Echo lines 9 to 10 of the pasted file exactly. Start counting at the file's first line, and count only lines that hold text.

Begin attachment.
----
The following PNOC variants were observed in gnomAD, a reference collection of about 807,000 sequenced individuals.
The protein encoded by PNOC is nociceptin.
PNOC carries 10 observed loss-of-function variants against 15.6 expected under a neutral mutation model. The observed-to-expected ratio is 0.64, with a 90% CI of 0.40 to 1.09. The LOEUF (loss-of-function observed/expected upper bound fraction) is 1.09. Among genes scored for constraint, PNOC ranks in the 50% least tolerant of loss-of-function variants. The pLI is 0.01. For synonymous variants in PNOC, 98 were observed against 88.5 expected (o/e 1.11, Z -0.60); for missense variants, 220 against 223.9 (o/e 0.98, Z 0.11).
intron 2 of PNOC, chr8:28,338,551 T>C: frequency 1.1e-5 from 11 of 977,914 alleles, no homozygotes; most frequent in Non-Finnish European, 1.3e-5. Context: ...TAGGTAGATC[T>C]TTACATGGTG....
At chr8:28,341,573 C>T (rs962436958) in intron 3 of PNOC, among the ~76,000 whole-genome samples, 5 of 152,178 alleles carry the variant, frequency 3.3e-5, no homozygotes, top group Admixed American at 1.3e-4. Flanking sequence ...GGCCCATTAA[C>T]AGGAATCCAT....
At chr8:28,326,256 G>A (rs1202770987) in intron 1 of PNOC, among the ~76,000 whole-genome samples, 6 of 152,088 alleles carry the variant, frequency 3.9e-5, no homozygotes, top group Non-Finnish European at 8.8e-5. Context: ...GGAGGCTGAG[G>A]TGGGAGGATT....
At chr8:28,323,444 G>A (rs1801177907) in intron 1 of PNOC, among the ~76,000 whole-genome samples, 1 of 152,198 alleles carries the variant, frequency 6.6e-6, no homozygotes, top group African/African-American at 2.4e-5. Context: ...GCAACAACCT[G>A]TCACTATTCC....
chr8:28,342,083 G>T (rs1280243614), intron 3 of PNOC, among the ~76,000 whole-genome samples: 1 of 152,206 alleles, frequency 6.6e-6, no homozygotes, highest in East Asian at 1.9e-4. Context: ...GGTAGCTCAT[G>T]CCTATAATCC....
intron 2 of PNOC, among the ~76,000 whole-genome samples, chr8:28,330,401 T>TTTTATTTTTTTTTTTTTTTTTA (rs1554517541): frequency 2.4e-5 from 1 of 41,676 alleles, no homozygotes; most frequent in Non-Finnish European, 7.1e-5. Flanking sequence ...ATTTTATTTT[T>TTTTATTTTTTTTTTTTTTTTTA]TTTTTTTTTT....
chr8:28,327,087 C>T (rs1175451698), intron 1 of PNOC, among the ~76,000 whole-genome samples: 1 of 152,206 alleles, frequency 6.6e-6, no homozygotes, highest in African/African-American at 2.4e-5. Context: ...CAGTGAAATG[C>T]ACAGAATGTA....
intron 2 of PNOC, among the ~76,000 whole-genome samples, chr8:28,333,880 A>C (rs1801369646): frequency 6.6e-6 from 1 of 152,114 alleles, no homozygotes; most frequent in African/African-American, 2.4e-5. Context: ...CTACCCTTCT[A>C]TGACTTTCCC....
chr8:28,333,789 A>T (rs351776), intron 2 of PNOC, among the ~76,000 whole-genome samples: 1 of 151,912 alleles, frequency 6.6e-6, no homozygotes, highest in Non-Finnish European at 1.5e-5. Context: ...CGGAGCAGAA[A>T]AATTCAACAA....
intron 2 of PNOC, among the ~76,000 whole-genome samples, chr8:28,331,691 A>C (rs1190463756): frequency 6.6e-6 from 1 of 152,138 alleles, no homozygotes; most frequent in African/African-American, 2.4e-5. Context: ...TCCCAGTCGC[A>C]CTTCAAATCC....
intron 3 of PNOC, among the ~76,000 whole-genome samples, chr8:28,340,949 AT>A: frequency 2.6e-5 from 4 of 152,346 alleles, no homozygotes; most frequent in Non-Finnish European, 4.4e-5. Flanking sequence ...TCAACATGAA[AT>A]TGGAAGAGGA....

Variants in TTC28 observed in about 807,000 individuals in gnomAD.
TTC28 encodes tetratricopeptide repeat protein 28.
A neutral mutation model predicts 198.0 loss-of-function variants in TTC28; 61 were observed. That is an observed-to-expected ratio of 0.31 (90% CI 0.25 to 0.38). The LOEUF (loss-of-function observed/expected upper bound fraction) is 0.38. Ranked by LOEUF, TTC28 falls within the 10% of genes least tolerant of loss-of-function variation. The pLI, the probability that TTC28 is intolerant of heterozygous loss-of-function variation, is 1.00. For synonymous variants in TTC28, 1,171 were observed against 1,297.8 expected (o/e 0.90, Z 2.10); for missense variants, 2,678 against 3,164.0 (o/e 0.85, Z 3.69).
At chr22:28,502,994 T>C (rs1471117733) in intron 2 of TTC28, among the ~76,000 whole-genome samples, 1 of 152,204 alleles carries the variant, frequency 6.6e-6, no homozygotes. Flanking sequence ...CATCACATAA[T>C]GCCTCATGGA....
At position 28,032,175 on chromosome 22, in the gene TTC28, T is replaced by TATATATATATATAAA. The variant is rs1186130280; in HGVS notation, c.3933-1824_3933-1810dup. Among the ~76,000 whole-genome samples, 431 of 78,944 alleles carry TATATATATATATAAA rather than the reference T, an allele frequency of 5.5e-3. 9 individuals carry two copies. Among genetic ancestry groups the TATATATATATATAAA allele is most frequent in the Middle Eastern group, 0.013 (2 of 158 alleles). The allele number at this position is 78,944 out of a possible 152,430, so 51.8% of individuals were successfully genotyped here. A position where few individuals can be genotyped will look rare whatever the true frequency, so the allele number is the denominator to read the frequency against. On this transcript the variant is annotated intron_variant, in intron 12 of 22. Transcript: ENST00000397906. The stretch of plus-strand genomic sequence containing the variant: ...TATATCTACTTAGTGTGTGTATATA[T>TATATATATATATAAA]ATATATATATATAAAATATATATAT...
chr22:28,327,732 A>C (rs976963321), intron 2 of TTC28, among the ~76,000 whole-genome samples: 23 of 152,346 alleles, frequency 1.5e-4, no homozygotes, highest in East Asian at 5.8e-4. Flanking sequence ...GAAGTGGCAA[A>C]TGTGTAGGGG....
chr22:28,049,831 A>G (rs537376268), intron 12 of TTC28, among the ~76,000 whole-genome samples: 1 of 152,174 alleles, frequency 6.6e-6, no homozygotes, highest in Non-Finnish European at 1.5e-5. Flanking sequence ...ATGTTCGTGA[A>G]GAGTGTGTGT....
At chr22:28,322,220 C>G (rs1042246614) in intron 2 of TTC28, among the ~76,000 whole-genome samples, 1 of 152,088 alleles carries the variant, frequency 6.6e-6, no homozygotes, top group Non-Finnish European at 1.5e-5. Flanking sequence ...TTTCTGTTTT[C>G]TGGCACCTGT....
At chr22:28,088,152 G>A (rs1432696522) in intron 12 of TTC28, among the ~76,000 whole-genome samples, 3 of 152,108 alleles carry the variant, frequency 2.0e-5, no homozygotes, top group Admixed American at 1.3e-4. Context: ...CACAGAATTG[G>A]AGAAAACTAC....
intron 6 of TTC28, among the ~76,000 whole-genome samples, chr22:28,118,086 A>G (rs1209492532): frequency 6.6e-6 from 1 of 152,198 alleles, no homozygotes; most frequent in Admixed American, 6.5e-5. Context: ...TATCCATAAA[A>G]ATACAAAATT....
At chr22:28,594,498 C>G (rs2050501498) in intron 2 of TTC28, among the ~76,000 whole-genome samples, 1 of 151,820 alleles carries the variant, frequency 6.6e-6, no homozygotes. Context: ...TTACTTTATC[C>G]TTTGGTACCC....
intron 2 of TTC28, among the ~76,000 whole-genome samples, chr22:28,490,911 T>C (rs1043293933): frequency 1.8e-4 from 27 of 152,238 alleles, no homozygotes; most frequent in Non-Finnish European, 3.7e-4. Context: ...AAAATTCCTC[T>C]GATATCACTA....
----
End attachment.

intron 2 of PNOC, among the ~76,000 whole-genome samples, chr8:28,330,401 T>TTTTATTTTTTTTTTTTTTTTTA (rs1554517541): frequency 2.4e-5 from 1 of 41,676 alleles, no homozygotes; most frequent in Non-Finnish European, 7.1e-5. Flanking sequence ...ATTTTATTTT[T>TTTTATTTTTTTTTTTTTTTTTA]TTTTTTTTTT....
chr8:28,327,087 C>T (rs1175451698), intron 1 of PNOC, among the ~76,000 whole-genome samples: 1 of 152,206 alleles, frequency 6.6e-6, no homozygotes, highest in African/African-American at 2.4e-5. Context: ...CAGTGAAATG[C>T]ACAGAATGTA....